Thursday, April 08, 2021

The Ancient Tree Map

Around 500 churchyards in England contain Yew trees which are older than the churches themselves. No-one knows exactly why so many churchyards have ancient Yew trees growing in them. One common belief is that Yews were planted in churchyards to deter animals (the bark, leaves and seeds of yew trees are highly poisonous to cattle, horses and many other animals).

You can find ancient Yew trees and the locations of the United Kingdom's other most elderly trees on the Woodland Trust's Ancient Tree Inventory. Share your location with the Ancient Tree Inventory interactive map and you can discover the location of all the very old trees which can be found near you. On the map ancient trees are shown using colored tree markers. The different colors of marker indicate whether the tree is on public or private land. Different letters on the markers indicate whether the tree is 'ancient', 'veteran' or 'notable'. If you click on a marker you can discover the species of tree and its diameter.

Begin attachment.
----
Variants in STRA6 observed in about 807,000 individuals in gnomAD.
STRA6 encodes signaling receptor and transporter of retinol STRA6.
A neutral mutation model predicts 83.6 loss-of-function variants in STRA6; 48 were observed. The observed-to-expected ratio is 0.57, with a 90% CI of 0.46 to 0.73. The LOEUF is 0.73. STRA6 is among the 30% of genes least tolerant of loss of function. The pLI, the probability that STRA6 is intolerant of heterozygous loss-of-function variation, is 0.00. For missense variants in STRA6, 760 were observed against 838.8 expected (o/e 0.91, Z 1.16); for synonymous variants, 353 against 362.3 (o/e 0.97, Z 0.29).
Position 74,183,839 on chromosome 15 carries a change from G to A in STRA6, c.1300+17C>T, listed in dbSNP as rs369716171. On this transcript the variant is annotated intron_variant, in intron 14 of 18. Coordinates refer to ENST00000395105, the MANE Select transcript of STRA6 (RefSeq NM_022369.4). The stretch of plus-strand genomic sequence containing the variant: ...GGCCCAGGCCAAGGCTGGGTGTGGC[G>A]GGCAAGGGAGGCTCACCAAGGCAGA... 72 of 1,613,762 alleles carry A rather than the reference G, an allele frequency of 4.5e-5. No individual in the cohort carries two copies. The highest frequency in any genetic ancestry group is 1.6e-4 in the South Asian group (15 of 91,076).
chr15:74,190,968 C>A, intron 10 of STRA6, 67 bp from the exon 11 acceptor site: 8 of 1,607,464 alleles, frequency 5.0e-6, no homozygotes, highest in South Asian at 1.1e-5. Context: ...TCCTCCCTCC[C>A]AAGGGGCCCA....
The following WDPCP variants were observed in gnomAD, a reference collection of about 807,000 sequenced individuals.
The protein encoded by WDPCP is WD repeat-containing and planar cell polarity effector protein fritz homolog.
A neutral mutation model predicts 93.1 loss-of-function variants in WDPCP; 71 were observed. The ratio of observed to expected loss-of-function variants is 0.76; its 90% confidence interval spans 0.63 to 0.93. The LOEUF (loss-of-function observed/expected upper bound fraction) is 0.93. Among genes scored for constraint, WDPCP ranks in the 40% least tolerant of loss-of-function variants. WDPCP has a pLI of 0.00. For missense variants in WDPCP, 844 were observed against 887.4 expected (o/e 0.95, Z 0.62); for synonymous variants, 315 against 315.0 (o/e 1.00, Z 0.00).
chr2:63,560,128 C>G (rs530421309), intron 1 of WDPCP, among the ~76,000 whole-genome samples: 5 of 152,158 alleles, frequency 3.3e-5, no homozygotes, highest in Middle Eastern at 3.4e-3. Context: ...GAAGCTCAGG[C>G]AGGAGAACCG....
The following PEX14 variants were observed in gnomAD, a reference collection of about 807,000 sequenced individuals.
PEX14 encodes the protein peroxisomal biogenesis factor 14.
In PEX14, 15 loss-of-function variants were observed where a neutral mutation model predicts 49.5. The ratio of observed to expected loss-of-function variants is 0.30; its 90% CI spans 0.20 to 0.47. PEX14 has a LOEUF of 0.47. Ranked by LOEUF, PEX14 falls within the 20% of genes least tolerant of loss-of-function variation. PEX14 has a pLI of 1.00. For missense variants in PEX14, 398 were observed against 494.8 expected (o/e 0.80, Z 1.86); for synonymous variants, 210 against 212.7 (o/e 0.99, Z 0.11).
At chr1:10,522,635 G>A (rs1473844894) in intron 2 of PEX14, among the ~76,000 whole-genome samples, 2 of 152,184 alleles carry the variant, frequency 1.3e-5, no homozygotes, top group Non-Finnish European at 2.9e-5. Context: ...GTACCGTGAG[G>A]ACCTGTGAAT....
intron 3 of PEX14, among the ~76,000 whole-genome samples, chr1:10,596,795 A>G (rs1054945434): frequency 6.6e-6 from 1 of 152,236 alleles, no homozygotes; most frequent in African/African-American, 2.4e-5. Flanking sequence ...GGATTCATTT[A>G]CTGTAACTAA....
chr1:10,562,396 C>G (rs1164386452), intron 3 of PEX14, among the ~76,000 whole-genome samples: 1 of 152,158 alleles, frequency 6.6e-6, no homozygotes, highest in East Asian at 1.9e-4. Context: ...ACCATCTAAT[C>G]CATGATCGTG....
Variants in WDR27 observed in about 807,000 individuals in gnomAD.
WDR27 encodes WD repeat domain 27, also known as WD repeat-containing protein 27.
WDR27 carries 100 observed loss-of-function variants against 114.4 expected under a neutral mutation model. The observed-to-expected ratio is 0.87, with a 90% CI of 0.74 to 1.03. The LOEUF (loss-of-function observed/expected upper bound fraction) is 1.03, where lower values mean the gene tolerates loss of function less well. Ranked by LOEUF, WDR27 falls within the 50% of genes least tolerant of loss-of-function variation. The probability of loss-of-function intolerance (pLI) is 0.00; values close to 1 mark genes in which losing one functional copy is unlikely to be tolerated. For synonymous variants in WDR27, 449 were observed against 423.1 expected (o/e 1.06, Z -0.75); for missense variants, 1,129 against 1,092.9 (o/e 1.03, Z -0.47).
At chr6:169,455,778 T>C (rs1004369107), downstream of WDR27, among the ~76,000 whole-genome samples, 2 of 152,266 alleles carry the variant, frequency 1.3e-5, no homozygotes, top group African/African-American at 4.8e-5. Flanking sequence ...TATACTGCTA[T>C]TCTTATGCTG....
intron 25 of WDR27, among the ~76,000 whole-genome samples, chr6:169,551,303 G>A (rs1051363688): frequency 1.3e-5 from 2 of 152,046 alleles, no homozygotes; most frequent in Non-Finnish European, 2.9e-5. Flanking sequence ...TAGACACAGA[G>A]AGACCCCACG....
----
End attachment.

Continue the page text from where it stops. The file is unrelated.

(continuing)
Some people claim that the oldest tree in the UK is the Fortingall yew tree in Perthshire. The Fortingall yew is believed to be between 2,000 and 3,000 years old. Some say the tree could be as much as 5,000 years old. The Fortingall yew grows in the churchyard of the village of Fortingall.Like many yew trees found in churchyards it predates the birth of Christ - which tends to disprove the theory that the trees were planted to deter animals from churchyards (the churches came after the Yews).

1 comment:

Unknown said...

So then they located the churches next to the ancient yew trees to keep the animals away.